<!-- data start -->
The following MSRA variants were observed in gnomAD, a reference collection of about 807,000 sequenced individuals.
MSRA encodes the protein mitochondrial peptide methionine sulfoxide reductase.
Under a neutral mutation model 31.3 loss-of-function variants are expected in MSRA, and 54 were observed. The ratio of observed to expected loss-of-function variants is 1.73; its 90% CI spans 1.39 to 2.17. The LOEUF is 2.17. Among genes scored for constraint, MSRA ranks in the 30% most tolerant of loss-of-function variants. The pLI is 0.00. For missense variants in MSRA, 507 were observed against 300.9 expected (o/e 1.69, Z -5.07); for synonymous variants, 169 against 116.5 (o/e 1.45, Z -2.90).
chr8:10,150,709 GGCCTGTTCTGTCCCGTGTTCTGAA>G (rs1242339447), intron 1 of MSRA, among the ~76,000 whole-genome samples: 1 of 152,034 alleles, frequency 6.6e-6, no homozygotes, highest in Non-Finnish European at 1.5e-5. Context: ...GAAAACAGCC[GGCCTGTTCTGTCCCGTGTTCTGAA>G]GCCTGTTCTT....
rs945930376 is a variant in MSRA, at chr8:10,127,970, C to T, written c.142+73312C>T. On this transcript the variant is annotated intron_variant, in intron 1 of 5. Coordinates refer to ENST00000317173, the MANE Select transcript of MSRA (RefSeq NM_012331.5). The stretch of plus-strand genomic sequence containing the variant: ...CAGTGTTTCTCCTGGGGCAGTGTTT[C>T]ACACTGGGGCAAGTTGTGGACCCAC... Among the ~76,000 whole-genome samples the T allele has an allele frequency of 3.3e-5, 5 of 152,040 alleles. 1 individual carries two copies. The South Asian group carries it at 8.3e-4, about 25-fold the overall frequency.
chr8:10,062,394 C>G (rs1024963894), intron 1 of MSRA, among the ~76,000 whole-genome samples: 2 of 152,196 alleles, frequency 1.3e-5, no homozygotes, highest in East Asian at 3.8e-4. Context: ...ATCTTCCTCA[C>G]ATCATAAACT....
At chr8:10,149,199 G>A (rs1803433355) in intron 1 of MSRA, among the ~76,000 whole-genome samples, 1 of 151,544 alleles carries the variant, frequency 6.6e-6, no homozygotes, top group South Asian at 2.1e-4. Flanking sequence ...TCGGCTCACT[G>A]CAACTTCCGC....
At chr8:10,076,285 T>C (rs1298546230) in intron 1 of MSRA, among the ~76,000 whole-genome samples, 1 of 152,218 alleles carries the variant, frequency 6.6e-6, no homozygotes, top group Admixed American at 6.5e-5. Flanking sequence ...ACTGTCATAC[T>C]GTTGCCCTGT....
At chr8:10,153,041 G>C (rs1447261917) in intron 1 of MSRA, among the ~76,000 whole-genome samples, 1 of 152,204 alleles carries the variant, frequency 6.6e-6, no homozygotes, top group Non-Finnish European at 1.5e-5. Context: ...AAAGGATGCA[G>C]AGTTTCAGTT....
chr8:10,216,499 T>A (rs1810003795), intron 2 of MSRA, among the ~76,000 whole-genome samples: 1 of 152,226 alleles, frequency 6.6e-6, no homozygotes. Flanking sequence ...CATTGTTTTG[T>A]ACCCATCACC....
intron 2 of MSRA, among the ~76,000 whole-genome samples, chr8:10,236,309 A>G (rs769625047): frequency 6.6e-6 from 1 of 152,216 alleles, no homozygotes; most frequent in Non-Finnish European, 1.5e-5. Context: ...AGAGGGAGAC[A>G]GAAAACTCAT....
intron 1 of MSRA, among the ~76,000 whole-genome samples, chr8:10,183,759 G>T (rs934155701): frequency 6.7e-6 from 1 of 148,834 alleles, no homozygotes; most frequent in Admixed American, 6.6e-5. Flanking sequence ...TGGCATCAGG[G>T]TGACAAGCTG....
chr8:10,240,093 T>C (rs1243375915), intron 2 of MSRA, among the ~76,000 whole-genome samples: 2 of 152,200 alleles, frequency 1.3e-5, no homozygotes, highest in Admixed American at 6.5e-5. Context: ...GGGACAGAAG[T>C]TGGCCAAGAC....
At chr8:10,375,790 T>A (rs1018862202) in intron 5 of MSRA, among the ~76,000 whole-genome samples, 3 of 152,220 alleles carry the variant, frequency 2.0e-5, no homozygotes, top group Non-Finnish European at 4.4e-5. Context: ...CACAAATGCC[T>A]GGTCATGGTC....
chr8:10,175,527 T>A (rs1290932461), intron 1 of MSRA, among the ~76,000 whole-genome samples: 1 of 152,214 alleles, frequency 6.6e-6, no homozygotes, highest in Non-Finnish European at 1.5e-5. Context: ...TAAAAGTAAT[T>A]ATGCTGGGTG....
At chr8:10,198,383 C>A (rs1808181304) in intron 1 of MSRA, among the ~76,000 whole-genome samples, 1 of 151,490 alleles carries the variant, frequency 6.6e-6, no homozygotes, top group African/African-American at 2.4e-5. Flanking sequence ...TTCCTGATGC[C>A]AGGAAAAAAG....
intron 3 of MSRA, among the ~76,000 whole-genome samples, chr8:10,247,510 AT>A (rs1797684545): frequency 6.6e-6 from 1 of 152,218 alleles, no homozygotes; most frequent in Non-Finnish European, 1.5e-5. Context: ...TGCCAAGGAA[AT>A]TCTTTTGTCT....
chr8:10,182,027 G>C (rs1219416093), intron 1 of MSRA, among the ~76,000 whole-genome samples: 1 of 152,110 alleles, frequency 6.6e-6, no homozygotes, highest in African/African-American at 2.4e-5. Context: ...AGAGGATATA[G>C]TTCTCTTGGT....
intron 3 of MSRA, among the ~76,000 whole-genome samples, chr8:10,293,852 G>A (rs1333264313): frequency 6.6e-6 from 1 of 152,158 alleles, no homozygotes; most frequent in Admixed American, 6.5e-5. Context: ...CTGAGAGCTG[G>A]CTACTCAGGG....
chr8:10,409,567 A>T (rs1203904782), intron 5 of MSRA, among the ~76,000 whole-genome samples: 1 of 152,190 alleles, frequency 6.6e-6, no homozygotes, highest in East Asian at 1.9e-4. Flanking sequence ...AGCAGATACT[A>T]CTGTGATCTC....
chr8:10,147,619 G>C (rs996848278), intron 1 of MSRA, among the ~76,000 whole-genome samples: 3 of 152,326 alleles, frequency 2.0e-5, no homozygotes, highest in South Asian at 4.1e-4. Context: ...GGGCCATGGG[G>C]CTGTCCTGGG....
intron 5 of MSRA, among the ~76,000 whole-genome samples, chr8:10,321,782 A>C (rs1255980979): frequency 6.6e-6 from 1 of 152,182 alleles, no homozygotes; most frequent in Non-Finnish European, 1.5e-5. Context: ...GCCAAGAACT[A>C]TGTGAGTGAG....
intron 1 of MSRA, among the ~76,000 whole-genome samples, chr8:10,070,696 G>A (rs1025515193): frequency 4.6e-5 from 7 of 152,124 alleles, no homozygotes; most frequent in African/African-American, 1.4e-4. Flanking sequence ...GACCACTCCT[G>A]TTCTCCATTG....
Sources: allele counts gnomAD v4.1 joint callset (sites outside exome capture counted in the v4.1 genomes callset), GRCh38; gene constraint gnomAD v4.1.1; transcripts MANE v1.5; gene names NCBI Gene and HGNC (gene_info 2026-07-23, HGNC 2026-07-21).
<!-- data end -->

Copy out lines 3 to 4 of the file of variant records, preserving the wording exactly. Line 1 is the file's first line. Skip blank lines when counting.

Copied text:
Under a neutral mutation model 31.3 loss-of-function variants are expected in MSRA, and 54 were observed. The ratio of observed to expected loss-of-function variants is 1.73; its 90% CI spans 1.39 to 2.17. The LOEUF is 2.17. Among genes scored for constraint, MSRA ranks in the 30% most tolerant of loss-of-function variants. The pLI is 0.00. For missense variants in MSRA, 507 were observed against 300.9 expected (o/e 1.69, Z -5.07); for synonymous variants, 169 against 116.5 (o/e 1.45, Z -2.90).
chr8:10,150,709 GGCCTGTTCTGTCCCGTGTTCTGAA>G (rs1242339447), intron 1 of MSRA, among the ~76,000 whole-genome samples: 1 of 152,034 alleles, frequency 6.6e-6, no homozygotes, highest in Non-Finnish European at 1.5e-5. Context: ...GAAAACAGCC[GGCCTGTTCTGTCCCGTGTTCTGAA>G]GCCTGTTCTT....